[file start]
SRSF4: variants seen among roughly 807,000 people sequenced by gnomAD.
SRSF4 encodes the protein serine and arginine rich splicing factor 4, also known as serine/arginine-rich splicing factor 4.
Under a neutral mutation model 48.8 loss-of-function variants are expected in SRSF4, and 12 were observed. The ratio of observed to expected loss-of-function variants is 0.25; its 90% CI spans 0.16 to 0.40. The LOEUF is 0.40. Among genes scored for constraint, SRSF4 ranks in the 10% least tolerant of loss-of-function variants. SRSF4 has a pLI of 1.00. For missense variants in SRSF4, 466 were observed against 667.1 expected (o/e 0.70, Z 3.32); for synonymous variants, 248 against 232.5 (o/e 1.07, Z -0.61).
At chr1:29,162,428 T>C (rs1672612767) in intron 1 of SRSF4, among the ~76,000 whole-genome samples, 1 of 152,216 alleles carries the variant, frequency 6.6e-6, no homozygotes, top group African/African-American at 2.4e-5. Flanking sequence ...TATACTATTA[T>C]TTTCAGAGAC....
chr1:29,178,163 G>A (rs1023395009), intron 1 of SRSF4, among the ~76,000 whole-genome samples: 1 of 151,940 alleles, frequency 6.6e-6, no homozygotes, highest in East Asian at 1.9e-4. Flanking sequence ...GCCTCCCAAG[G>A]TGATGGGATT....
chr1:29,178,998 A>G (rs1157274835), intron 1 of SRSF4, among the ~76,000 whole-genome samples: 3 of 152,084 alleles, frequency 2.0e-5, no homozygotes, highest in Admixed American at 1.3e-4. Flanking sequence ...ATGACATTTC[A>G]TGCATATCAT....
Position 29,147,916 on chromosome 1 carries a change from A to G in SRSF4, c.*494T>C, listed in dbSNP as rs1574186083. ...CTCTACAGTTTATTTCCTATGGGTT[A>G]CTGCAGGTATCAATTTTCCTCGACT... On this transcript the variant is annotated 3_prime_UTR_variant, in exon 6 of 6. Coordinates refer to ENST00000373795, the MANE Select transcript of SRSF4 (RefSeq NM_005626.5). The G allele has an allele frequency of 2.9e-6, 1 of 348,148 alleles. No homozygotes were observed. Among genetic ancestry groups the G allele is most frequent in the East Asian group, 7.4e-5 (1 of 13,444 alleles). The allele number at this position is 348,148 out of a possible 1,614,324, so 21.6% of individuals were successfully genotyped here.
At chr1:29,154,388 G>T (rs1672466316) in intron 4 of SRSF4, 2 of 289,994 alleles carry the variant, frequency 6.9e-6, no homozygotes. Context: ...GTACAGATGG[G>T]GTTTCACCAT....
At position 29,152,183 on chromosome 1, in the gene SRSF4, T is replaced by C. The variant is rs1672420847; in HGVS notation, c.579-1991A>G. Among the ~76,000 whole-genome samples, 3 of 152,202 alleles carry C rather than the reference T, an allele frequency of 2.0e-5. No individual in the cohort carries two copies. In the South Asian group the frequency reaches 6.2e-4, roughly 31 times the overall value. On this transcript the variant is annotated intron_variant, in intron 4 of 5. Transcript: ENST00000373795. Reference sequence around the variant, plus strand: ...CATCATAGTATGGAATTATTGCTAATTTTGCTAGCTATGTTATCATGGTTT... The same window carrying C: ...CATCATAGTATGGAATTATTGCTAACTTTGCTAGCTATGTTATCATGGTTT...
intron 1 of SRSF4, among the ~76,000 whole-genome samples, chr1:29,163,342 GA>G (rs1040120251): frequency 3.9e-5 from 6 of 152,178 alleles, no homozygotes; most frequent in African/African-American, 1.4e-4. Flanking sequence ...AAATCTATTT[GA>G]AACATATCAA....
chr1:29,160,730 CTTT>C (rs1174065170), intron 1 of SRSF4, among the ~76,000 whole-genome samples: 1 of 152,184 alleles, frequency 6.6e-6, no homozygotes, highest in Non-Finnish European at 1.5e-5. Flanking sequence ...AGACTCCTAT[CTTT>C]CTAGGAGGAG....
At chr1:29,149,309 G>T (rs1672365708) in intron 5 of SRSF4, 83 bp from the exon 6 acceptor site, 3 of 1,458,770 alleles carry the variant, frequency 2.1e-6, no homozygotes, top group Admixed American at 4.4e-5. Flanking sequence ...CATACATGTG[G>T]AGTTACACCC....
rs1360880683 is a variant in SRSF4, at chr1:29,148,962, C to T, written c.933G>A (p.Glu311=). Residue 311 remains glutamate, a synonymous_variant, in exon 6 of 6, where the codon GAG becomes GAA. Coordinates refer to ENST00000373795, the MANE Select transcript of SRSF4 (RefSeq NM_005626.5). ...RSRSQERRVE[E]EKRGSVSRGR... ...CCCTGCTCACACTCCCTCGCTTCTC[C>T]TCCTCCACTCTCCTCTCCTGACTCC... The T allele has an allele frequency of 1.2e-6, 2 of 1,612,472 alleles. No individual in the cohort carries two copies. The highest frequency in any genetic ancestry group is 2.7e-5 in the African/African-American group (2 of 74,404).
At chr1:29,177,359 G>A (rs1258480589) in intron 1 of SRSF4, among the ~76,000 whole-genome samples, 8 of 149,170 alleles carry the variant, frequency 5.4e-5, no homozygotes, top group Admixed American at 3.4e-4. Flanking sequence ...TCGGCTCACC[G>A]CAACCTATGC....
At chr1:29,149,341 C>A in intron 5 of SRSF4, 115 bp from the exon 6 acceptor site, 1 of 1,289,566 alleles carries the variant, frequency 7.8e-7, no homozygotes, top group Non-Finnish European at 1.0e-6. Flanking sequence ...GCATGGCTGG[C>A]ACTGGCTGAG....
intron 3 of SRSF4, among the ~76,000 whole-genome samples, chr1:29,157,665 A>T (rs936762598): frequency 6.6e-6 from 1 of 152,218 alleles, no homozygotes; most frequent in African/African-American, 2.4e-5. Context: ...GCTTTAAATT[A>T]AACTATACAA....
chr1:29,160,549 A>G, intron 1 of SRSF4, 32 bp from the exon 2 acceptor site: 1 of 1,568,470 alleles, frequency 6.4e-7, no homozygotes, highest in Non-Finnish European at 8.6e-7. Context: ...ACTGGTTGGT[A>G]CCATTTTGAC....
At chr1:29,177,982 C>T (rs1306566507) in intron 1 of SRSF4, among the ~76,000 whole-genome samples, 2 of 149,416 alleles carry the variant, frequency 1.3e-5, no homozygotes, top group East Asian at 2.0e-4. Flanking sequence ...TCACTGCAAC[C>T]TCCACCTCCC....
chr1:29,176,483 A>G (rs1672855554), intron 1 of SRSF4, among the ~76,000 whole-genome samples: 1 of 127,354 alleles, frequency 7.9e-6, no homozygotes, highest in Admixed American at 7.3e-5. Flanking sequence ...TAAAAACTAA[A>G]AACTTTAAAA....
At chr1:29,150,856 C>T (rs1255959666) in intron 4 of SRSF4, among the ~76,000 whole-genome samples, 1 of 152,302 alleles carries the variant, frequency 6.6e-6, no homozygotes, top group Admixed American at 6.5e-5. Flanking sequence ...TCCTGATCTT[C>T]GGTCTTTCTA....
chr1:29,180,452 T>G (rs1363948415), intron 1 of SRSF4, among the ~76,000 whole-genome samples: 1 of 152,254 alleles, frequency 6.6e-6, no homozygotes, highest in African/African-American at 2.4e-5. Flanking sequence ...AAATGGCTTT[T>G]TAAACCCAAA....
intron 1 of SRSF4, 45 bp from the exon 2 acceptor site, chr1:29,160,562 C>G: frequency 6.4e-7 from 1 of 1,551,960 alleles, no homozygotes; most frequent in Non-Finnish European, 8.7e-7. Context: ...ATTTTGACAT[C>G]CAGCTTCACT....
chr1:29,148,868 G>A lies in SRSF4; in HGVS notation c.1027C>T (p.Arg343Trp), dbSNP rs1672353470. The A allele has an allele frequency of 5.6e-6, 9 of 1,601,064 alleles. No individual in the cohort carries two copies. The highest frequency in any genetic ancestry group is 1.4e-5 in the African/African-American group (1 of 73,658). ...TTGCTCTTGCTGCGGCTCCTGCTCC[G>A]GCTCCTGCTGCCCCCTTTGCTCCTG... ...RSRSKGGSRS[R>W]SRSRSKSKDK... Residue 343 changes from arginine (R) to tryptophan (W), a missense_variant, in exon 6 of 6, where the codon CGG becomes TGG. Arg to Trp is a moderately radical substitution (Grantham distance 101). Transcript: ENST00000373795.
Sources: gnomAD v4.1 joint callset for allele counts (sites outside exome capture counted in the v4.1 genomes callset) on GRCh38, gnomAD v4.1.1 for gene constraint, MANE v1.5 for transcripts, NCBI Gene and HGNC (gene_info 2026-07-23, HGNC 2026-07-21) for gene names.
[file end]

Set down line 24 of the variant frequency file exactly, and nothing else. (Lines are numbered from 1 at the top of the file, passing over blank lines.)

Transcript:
Sources: gnomAD v4.1 joint callset for allele counts (sites outside exome capture counted in the v4.1 genomes callset) on GRCh38, gnomAD v4.1.1 for gene constraint, MANE v1.5 for transcripts, NCBI Gene and HGNC (gene_info 2026-07-23, HGNC 2026-07-21) for gene names.